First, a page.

3. Anti-redneck. Goodman’s character represents a typical cosmopolitan millennial’s idea of a conservative Republican: a slovenly gun nut, “authoritarian personality”, and “no touching” prude scared of Martians and the prospect of a real-life Red Dawn scenario. He is stuck in a vanished American past, as evidenced by his Frankie Avalon records and VHS collection. The fact that major elements of his assertions turn out to be correct prompts the deliciously implied question at the heart of the film. Which would be more horrifying for a millennial woman – the prospect of an alien invasion that razes everything and everyone she knows, or the possibility that, for all of these years, those hateful, judgmental, beer-bellied, rifle-toting, misogynistic deplorables were right?

2. Disaster-alarmist. Turning viewer expectations upside-down, Goodman’s conspiracy-theory-fueled survivalism comes in handy when the shit really hits the fan. Rather than rejecting extreme preparedness outright, the movie suggests that liberals, rather than pointing and laughing at the conservatives, ought to appropriate such foresight and associated skill sets for themselves. The idea that fashion design could become a survival skill in a post-apocalyptic landscape is no doubt highly appealing to a number of young women and homosexuals with tacky, clashing heaps of student loan debt in the closet.

1. Feminist/anti-family. Goodman presents a negative patriarchal archetype (“I want us to be a happy family.”). Winstead also recounts a traumatic memory of seeing a man cruelly pulling his daughter by the arm and hitting her. Perhaps under the influence of such impressions of family life, she rejects the possibility of reuniting with her boyfriend in order to strike out on her own as a superheroine and save the planet – a choice about which the director, Dan Trachtenberg, expresses a cuckolded you-go-girl enthusiasm in his audio commentary.

Rainer Chlodwig von K.

road-to-the-well

Laurence Fuller plays a frustrated beta male desk jockey, Frank, who discovers that his girlfriend has been having an affair with his boss. Serendipitously, an old friend of his, handsome drifter Jack (Micah Parker), breezes into town and convinces his buddy to meet him for a few drinks at a night spot, where he also goads Frank to approach a woman (Rosalie McIntire) who catches his eye at the bar. From here, Frank’s life takes a left turn down a darker avenue than he ever knew existed, with Road to the Well developing into a fantastic, albeit eccentric, little thriller sustained by painful tensions and moments of unexpected strangeness. Only one superfluous scene broadly and condescendingly characterizing conservatives as “bigoted trash” taints what is otherwise a recommendable film, and writer-director Jon Cvack is to be commended. Barak Hardley is also worthy of mention for his portrayal of spoiled millennial man-child Chris, while Marshall Teague, glaring out of the screen from the other end of the masculinity spectrum, is also highly effective. For those interested, Road to the Well was recently released on DVD and VOD.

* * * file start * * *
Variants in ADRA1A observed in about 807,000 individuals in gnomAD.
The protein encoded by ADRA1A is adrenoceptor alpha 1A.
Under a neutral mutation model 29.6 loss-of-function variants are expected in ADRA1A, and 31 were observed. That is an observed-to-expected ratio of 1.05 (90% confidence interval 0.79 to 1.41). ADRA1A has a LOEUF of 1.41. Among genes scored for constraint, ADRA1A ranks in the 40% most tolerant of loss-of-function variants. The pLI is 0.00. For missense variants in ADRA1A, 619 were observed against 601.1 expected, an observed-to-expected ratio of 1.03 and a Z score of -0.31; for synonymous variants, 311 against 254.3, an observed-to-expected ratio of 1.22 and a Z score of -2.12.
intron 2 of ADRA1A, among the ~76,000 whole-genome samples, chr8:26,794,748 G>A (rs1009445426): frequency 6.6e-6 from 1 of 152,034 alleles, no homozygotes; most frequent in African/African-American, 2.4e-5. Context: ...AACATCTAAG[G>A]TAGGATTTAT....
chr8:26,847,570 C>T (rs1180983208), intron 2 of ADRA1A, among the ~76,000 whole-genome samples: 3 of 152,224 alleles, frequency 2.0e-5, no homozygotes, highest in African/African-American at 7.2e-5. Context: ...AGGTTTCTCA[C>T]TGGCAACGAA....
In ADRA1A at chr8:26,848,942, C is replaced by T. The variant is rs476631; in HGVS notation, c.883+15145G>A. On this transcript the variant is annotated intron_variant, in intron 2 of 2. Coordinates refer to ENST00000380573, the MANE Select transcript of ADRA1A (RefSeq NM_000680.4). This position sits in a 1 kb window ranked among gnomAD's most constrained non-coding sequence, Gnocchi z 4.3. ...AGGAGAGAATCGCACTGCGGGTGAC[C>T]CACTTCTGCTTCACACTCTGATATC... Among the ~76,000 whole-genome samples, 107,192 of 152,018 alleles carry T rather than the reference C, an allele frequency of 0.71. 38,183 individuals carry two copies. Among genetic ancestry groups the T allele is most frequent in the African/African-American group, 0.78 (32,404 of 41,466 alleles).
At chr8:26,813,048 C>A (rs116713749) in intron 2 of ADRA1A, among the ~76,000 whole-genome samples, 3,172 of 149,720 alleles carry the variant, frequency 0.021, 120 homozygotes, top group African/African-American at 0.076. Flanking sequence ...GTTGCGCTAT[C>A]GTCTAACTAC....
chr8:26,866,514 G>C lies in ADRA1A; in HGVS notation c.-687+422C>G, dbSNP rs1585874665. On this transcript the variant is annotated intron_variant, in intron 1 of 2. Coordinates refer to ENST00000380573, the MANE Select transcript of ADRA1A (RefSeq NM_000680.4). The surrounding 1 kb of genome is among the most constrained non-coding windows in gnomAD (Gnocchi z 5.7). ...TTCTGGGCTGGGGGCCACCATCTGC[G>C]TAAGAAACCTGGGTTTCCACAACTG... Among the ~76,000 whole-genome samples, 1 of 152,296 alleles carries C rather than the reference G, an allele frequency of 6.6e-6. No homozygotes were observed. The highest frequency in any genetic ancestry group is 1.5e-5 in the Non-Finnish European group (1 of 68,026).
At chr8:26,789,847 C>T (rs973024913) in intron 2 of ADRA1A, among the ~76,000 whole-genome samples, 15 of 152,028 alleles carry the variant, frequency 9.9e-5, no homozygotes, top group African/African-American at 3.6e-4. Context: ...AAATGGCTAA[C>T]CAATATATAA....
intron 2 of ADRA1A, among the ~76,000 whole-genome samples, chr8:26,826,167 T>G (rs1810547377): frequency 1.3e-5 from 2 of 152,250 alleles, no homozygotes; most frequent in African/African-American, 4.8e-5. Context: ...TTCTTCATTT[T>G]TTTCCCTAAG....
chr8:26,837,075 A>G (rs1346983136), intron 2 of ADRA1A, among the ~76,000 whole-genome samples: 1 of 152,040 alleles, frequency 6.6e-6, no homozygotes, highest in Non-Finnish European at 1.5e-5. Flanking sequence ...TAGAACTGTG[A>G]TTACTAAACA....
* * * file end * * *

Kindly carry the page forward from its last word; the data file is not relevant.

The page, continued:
Four-and-a-half out of five stars. Ideological Content Analysis indicates that Road to the Well is:

8. Anti-capitalistic, with prostitution furnishing the film’s model of free enterprise. Undignified Frank continues to work for his company (in order to “build a cushion,” he says) even after learning his boss has cuckolded him. He despises his erstwhile friend Chris, however, as a “hoity-toity yuppie” – but it is possible also to read the envy hiding behind Frank’s feigned contempt for Chris’s material security. Jack is utterly dismissive of regular employment, and encourages Frank to call in sick. “I don’t work anymore,” he says.

7. Anti-war. An implicit parallelism emerges during a scene between a murderer and a military man. One character understands something about the other’s experience.

6. Judgmentally anti-slut. The wages of sin is death!

5. Pro-gay. A corny anecdote is told about a homosexual adolescent who shot himself after being bullied. A homophobic redneck landlord who makes light of his own son’s participation in the bullying is intended to represent the low standard of sophistication prevailing among opponents of sodomy. Frank’s exaggerated reaction to this insensitivity is, one assumes, meant to establish his character’s moral credentials.

4. Manospherean. Frank, over the course of the film, is taught by his experiences to man up and assert himself. “Everything is fine as long as you got some money and a nice piece of pussy” is Jack’s philosophy.

3. Anti-Christian. A chaplain (Teague) has lost his faith and become suicidal. “My faith? What the hell is that?”

2. Anti-marriage. “It’s like marriage is this weird construct we’ve made up for ourselves and handed down from generation to generation,” moans Chris, who is soon to be married. “It’s meaningless, right?” A committed relationship is “not exciting”.

1. Antinatalist. “It’s like they’re these tiny little animals and I’m responsible for ‘em,” Chris frets, imagining the prospect of fatherhood. “If I don’t change their diaper, then they just, what, sit in their shit all day? Or, like, if you touch their fontanelle, you’re like, touching their brain, and you got a dead baby. […] No thank you.”

Rainer Chlodwig von K.

Deadpool

Marvel antihero Deadpool’s leap to the big screen manages to be highly entertaining in spite of having one of the most unnecessarily filthy and anally fixated scripts this reviewer has ever encountered. Ryan Reynolds is frivolous but funny as the frenetic special forces fighter turned mercenary – “a bad guy who gets paid to fuck up worse guys” – in what may be the most successful incarnation yet of the wisecracking hipster-as-superhero genre. Fast-paced and guaranteed diversion for devotees of the cult of hyperviolence and slow-motion bullets.

4.5 out of 5 stars. Ideological Content Analysis only recommends seeing Deadpool for free, if possible, and indicates that it is:

9. Pro-brony. The hero masturbates while amusing himself with a stuffed animal.